Iva Valdmanová

* 1955  

  • "Probably the worst was the hopelessness of people who lost their homes and had to move somewhere, not even knowing where. Several convoys were organized, numbering a thousand or fifteen hundred people. They were Serbs, but also Bosnians, and they moved across the Serbian Landscape to Serbia. They had no idea what awaited them there. And it was also very unpleasant when they displaced almost all the houses in Knin and the Croats came to the newly occupied territory and threw things out of the windows. Furniture, bedding, everything. They said it stank of Serbs. That was pretty depressing. We drove through the city and under the windows along the road were piles of things that were useful and those people who were leaving would need them, but they didn't have them. The Croats threw everything away and some civilian service took it to the dump. There were tons of clothes, furniture, food. It was a devastating discovery for me that people might hate each other so much or be provoked into such hatred.”

  • "We came to a village, for example, where we wanted to check a house. We were always ordered to take precautions before entering, so that we would not be killed by a grenade. When the owners of the houses left the barracks, soldiers came there and loaded various traps. The grenades were on the handle, in bed, in the oven, under the threshold. That's why we first threw stones and sticks into the house to activate any explosive traps. It often happened that everything flew into the air. The best thing was when there were a lot of animals that checked the area by walking through it. That's why we often went to the houses where there were a lot of animals. For example, once we came to a barracks where a cow was lying in a double bed. It lay there. Or a sow with piglets ran out of the house."

  • "Every day there was a big meeting at the camp about what was going on outside, what we found out. And we were constantly talking about the corpses that were damaged, and it was not known why. Since I had an agricultural school and I know that a pig is an omnivore and a hen too, so I raised my hand during one session and said that I thought the dead bodies were eaten by animals. My colleagues thought that the people were tortured because they had bitten noses, ears, fingers. This opinion of mine was somehow verified, and then it was written into the report that they were not tortured victims, but that the damage to the bodies was caused by animals that ran there abandoned."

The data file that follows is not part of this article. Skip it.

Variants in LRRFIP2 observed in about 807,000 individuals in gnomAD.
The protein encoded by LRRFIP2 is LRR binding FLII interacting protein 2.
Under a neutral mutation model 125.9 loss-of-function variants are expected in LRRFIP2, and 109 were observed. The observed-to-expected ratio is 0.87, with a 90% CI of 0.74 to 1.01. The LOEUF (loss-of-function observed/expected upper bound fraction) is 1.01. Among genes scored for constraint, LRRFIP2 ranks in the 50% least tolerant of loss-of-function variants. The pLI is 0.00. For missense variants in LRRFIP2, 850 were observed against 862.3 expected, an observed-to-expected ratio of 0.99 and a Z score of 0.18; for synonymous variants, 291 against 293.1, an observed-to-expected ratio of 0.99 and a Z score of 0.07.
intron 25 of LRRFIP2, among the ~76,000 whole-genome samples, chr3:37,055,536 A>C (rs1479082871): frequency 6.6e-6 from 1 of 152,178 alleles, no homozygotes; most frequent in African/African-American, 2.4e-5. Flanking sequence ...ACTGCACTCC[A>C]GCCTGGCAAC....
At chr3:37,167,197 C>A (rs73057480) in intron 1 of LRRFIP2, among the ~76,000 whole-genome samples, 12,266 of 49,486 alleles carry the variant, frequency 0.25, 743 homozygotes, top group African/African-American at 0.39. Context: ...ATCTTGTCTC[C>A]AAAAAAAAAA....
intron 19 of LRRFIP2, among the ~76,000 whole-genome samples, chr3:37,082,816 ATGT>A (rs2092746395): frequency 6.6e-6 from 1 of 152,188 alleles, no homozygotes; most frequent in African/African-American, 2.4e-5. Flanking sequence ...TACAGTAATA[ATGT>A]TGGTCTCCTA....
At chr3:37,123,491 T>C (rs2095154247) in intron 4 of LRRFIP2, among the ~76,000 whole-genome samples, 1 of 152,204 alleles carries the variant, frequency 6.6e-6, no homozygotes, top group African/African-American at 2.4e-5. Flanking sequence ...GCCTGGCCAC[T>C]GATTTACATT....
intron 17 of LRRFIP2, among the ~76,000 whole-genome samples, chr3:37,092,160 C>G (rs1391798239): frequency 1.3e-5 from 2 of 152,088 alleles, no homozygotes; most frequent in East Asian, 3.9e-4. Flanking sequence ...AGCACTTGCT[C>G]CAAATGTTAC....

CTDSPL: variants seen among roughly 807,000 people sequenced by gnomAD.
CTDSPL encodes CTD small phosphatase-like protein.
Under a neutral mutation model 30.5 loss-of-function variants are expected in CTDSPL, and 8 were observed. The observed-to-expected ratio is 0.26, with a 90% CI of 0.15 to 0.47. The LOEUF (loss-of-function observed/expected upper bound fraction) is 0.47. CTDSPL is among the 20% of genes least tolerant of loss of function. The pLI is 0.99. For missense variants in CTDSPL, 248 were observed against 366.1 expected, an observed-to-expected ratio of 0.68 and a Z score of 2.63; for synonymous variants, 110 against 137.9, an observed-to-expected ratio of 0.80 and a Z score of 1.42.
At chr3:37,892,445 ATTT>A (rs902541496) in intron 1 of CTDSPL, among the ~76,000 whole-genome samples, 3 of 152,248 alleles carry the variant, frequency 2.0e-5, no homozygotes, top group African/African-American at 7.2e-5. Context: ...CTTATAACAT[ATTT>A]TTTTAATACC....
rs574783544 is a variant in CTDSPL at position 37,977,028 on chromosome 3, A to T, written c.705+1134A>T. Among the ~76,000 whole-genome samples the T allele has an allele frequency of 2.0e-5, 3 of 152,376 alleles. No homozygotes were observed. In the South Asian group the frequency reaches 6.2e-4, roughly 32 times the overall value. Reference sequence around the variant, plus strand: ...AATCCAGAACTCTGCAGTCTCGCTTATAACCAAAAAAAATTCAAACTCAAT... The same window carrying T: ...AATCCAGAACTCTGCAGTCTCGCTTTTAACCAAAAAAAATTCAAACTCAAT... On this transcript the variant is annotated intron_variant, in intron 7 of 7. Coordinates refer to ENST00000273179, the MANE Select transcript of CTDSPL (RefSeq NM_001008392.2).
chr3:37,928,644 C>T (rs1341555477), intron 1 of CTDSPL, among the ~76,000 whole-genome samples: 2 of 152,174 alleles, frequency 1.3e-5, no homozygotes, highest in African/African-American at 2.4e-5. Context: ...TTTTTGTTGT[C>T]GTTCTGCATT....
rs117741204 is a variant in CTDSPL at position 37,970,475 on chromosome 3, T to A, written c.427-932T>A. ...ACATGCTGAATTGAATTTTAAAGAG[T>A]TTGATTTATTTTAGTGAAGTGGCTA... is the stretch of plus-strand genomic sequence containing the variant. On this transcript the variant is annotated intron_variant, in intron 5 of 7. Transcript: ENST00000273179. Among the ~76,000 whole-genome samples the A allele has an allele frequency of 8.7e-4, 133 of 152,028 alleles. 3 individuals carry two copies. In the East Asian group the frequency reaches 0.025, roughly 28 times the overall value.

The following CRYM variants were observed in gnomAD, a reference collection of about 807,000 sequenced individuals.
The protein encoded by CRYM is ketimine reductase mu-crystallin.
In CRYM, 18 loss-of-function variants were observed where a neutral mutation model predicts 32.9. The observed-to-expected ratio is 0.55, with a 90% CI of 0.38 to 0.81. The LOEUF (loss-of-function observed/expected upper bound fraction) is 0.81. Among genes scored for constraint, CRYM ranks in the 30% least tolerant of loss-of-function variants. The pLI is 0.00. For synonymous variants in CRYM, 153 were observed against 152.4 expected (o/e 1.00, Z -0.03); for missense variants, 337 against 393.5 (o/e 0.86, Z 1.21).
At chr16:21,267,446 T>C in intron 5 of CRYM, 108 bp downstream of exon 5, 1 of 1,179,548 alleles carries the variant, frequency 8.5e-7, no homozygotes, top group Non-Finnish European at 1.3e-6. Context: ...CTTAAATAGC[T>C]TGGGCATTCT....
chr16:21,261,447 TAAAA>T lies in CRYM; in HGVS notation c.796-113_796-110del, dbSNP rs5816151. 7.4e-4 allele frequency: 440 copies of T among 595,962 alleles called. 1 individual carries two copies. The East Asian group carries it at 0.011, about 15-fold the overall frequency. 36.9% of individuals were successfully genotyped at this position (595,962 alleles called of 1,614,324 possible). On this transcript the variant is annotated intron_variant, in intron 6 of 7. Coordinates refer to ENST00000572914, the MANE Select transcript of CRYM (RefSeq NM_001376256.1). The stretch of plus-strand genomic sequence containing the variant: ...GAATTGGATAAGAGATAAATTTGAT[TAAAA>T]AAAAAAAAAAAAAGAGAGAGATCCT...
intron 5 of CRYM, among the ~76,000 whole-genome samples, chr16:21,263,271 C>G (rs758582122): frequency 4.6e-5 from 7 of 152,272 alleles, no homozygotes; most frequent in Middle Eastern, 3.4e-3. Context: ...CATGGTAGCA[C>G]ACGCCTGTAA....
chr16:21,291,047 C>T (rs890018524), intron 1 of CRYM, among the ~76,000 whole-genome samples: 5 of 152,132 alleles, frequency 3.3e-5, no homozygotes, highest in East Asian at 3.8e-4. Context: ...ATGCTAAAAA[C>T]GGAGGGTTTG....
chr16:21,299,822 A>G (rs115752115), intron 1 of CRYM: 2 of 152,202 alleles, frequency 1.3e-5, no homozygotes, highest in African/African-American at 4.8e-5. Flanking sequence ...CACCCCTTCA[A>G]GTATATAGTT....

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    v Ostravě, 20.01.2020

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    duration: 02:42:25
    media recorded in project Příběhy regionu - STM REG ED
  • 2

    v Ostravě, 31.01.2020

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    duration: 01:31:12
    media recorded in project Příběhy regionu - STM REG ED
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I could not talk about my experiences in Bosnia for a long time. It doesn’t hurt now, and I think the war experience changed me for the better

Iva Valdmanová, circa 1975
Iva Valdmanová, circa 1975
photo: Archive of Iva Valdmanova

Iva Valdmanová, neé Vebrová, was born on June 17, 1955 in Ústí nad Labem. She grew up in Ostrava, where the family moved due to her father’s work in mining. She graduated from the secondary technical and agricultural school in Nový Jičín. She refused to join the unified agricultural cooperative (JZD) and instead she joined the army. She completed a military training and a one-year school for flight control assistants in Prague. For about eighteen years she worked at the military airport in Mošnov, first as an assistant of a manager of flying and then as a flying manager. In 1994, she went on a mission to the former Yugoslavia as an UNPROFOR international observer. In the then capital of the Republic, the Serbian country of Knin experienced a Croatian offensive in August 1995. She mapped the consequences of an operation called the Storm, she provided humanitarian aid, and examined the corpses of civilians. From 1996 to 1997, she was sent on a peace mission to Iraq. After returning to the Czech Republic, she left in the rank of lieutenant in the reserve, because she did not find a suitable position at the airport. She has served as an international observer in the Bosnia and Kosovo elections several times. She worked as a bartender, cleaner, accountant or a maid and masseur on a river ship. Eventually, she opened a private massage salon. She and her husband raised three children. She gained the status of the war veteran.